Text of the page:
We were not let down by the next performer’s commanding performance either. Samantha Sobash was the next dancer to take the stage performing her piece Implicit Affection. The picturesque quality some dancers are capable of adding to movement was present in Sobash’s piece. She reaches, she spins, she kicks, and she falls to the floor, all while keeping the rhythm. While she kept the beat throughout, that was not the point, but it was a nice feature. I liked her command of the music and her command of the stage. We all watched while she moved around the floor, sometimes like a spinning top busily moving with possessed purpose. After a final lap around the stage, she walked off, done with her affections.

Next was Deux, a piece choreographed by Nancy Havlik. Her piece featured two compelling dancers, Ken Manheimer and Sandra Roachford. They were accompanied onstage by fellow performer and upright bass player, Daniel Barbiero. The three performers complimented each other perfectly. I enjoyed watching the two dancers interact often while not touching. Even though there was space between them, I felt the strong connection they had with each other. A dancer is not just a movement artist, a dancer is an actor. These two performers understood that relationship and used that knowledge to present their bond. She would reach, and he would pull. He would tumble while she would spin. Whether dancing together or apart, the invisible force they created became real right before our eyes. Deux was a sweet little piece that showcased the talents of all three performers. On their toes, the dancers twirled around reaching for the stars. Down low, they tugged and pulled, demonstrating the yin and yang of all things. At the end, they both sat quietly resting on each other while watching their musician play.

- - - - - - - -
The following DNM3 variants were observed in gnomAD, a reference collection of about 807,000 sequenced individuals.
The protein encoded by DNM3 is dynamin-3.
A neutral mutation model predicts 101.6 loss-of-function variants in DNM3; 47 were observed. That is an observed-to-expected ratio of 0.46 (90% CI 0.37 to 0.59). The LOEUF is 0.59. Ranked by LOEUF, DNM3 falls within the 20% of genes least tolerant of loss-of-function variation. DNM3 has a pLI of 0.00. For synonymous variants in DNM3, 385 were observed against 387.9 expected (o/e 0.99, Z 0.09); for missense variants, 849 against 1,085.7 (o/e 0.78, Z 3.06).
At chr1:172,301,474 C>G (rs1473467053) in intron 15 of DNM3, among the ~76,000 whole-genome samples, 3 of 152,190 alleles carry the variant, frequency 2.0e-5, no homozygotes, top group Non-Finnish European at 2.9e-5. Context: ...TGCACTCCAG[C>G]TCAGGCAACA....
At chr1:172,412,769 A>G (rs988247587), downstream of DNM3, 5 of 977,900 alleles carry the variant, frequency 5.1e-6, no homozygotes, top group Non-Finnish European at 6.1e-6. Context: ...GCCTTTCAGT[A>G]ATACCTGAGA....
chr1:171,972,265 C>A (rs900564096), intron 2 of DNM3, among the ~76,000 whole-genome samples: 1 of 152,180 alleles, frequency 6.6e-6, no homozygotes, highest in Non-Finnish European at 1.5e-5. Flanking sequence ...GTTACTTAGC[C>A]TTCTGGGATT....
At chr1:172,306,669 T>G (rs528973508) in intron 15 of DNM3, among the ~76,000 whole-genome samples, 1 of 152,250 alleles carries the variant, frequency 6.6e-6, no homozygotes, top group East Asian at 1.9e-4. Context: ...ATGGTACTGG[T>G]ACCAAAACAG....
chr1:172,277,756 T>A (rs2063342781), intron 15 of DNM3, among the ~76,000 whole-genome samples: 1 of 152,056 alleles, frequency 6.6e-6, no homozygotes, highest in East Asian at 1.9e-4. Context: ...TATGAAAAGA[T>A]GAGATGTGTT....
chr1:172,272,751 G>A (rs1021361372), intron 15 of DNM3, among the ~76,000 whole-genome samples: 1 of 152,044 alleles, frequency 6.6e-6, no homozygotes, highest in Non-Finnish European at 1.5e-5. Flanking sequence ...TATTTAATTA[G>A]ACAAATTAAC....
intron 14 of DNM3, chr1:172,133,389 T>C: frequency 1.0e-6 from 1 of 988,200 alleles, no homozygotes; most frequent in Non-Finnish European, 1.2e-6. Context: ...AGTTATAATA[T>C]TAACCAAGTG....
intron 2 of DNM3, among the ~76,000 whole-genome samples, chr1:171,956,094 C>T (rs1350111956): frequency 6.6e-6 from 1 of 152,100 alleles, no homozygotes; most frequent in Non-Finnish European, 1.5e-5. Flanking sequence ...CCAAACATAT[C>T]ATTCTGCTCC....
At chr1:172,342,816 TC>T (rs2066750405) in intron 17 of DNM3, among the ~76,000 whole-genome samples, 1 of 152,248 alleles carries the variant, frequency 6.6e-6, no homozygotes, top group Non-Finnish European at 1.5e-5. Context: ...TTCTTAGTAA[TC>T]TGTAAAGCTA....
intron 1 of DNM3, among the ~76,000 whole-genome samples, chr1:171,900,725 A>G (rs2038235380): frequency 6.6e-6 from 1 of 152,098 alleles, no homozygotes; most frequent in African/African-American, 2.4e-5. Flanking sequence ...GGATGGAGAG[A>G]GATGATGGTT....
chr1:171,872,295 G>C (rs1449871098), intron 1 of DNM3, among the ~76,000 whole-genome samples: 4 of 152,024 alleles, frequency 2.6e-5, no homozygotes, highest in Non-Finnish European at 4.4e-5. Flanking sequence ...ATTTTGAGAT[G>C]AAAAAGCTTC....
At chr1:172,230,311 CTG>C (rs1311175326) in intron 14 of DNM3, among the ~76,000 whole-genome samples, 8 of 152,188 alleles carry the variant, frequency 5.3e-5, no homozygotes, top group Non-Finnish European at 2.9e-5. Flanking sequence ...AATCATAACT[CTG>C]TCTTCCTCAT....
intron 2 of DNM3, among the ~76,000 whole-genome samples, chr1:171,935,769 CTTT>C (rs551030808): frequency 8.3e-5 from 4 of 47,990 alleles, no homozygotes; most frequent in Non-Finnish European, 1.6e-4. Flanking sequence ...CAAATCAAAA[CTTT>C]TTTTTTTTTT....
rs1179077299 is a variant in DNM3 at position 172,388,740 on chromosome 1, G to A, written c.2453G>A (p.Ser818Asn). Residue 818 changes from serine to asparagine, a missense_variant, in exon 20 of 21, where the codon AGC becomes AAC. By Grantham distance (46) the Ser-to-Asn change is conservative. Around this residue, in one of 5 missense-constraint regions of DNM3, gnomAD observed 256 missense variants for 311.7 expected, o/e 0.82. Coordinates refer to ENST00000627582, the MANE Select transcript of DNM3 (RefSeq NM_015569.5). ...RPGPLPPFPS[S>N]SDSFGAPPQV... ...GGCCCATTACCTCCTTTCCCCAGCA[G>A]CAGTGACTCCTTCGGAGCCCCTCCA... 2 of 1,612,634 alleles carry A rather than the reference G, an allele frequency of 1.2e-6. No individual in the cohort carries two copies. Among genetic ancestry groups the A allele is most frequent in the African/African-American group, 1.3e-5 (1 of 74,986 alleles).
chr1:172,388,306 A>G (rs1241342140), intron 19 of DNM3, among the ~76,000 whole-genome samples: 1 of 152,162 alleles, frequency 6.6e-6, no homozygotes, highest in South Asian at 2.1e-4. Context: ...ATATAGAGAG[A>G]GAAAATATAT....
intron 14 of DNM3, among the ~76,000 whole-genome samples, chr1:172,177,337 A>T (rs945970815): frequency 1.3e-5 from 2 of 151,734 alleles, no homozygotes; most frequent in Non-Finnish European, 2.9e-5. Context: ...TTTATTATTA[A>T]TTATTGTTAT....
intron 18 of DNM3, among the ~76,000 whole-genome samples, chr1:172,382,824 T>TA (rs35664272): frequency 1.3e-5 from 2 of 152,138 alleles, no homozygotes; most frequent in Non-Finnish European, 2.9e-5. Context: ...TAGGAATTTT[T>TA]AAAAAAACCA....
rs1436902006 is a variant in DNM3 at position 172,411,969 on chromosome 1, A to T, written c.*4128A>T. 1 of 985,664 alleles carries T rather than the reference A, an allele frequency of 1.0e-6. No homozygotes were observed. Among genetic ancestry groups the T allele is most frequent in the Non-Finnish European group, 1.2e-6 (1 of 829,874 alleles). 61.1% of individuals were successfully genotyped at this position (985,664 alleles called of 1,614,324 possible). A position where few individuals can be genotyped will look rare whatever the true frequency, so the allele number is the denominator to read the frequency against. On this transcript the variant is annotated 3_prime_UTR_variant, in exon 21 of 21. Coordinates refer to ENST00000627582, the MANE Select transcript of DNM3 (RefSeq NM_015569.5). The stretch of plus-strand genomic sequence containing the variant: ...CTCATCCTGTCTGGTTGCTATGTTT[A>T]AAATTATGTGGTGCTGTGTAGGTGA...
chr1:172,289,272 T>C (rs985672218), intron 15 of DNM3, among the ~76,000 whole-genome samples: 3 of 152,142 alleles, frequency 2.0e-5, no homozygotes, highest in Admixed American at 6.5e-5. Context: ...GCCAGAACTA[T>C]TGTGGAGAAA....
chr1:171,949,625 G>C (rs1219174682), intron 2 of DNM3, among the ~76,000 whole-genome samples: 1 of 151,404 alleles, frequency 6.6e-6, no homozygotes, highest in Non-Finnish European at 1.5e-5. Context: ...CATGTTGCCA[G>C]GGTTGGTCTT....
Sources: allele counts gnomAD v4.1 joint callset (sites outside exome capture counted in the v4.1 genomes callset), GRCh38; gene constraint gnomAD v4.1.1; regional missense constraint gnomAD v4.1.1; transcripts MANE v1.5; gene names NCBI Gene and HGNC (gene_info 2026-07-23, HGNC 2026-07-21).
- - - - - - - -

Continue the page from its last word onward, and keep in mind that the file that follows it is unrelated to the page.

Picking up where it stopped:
Gena Photiadis, the sole pianist of the day, took the stage to play her original work “My Way.” Photiadis self-described “My Way’ as her “epic romantic piece.” She delivered a piece that felt very personal and heartfelt. It was refreshing to hear a song that sounded hopeful. Art is not all about our sadness or despair, a lot of great art is about love. You could hear and feel the love that she poured into her work. The piece was elegant with happy notes that danced in your ear. It was a piece that I would listen to again to recreate good feelings. This was the last solo music performance of the concert and was a great final one for the night.

One last time Sylvana Christopher took the stage to introduce the next piece, as she had done throughout the night. This time she introduced her own work, Then She Fell. This piece also featured a trio of performers: Maggie Lockhart, Sylvana Christopher, and guitarist John Lee. Then She Fell was another favorite. The dynamics of the conversation between the two dancers was riveting. Lockhart starts the piece dancing alone while Christopher is frozen in place. Lockhart set the tone with great poise and presence. Once the two dancers were both moving, their back and forth built great tension. They mirrored each other’s movements and gave us depth and height. The lifts were well-placed, too. Lockhart danced with deliberate lines and accentuation, Christopher danced with lyrical focus and attention. Lee’s music set tempo and helped tell the story of what the dancers were doing in space. Then She Fell was successful in presenting a narrative that makes you think.

All these compelling performances were packed in the one-hour show 5 by 5. Christopher plans to do more pieces like this in the future. If 5 by 5 can work out the kinks, keep showcasing great dancers, and thoughtful performances, I see great performances ahead.